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I struggled with my mental health on my own for years.

I didn’t talk about it.

I thought I was broken.

I didn’t want to worry anyone.

There was nothing anyone could do.

I couldn’t find the words.

The sneaky things about many mental illnesses are that they make you feel isolated and alone in what you are facing. This isn’t true. It’s the illness making you believe it so that it can keep a hold. The moment I started being honest was the moment I started to regain control of my life.

There is no cure, but there is a fix and a way for it to be something in the background rather than the thing that defines you.

I met my partner in mid-2015 and he has been instrumental in helping me to overcome and face many of my demons. Through his support and understanding, I was able to start talking about how I was feeling to my family, my friends and eventually my doctor. Now I am in a place where I am able to talk about it openly here, and on my other platforms, to hopefully help guide others towards a more hopeful future.

Support systems are vital to getting better. You need to identify the people in your life – who are those who will help you? Who are those who will hinder you in your journey to improved mental health?

If you don’t have anyone in your immediate life who can be your support system then make it a task for yourself to find your tribe. Finding your tribe means finding like minded people. That’s not to say people who are necessarily suffering in the same way as you but those with something in common that you can latch on to. Maybe a fan group for a band or a podcast? Maybe a forum for people who do similar work to you? Join a gym class or a book club? Whatever brings you joy is a good place to start, you are likely to find your people there.

If you still struggle then there are always mental health professionals – which is something I wholeheartedly recommend to everyone. I started my journey towards positive mental health by being referred by my GP to the NHS SilverCloud service. It is an online service that allows you learn techniques which will help you deal with negative thought patterns and destructive thinking whilst being supported via the telephone by a professional therapist. A great way to seek help, without having to make time in your busy lifestyle – you can complete the classes when it suits you.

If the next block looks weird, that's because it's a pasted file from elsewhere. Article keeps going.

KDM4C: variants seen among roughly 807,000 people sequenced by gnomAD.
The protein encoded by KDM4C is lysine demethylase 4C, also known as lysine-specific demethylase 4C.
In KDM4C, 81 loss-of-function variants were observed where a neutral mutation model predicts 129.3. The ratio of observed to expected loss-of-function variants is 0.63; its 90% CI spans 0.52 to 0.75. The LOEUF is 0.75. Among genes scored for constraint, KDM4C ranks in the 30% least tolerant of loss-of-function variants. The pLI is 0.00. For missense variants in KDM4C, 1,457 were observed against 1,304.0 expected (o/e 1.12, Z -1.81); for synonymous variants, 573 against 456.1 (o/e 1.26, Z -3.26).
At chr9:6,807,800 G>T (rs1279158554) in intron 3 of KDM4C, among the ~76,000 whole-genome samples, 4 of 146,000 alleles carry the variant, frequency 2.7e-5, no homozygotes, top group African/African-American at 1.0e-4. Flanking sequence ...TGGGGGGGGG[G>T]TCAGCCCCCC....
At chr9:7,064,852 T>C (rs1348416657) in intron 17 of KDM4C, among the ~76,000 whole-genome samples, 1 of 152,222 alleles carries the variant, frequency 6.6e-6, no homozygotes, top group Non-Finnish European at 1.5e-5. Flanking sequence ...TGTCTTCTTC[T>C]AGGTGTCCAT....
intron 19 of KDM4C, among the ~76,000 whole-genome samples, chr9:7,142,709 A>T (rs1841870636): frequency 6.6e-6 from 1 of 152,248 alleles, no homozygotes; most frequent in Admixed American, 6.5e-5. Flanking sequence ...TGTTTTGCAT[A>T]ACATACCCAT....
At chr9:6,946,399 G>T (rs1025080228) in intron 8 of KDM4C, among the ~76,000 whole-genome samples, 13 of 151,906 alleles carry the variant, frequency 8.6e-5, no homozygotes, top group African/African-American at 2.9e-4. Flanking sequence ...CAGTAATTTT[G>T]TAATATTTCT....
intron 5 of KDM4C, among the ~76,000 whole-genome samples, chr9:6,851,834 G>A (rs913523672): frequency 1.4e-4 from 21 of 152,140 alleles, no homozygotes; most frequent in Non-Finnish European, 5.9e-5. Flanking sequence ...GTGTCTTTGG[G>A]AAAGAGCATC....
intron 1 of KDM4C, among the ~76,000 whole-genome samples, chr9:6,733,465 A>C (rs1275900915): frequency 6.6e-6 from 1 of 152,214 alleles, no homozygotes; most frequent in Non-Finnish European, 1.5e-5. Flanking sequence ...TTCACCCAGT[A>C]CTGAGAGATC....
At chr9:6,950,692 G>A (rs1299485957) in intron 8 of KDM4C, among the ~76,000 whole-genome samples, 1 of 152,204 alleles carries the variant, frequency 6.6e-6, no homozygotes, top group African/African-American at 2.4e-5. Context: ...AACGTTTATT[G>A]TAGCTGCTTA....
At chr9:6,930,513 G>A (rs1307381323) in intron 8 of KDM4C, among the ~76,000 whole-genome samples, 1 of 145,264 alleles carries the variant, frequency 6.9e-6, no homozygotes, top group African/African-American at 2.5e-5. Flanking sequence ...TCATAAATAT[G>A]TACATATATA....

I supplemented this by also taking medication, but this isn’t necessary for everyone. You can talk this through with your GP, they might simply refer you for the talking therapy. You can also refer yourself if you’d prefer.

There are also a number of other options for online or remote therapies that could help you, here are a few:

Here you can find an outline of the benefits of online counselling – if you need some more convincing:

Mind, a great mental health charity, are also a useful place to find resources to suit your individual needs. Here is a handy link that you could try:

Mental health issues? The first thing to remember is that you are not alone. So many people nowadays suffer from mental health difficulties – from eating disorders, to anxiety, OCD or depression.
The best thing you can do is talk about it, whether it be to your GP or to a friend, family member or someone online.

Reach out.

The first conversation is always the hardest but once you open up, that’s when you can start towards a better future.
If you are looking for a sign, this is it.
Here are some useful links to use if you are struggling and need to talk to someone.

You got this… keep being awesome.

Written by Rebecca Hansell for Small World, Big Cause Blog.

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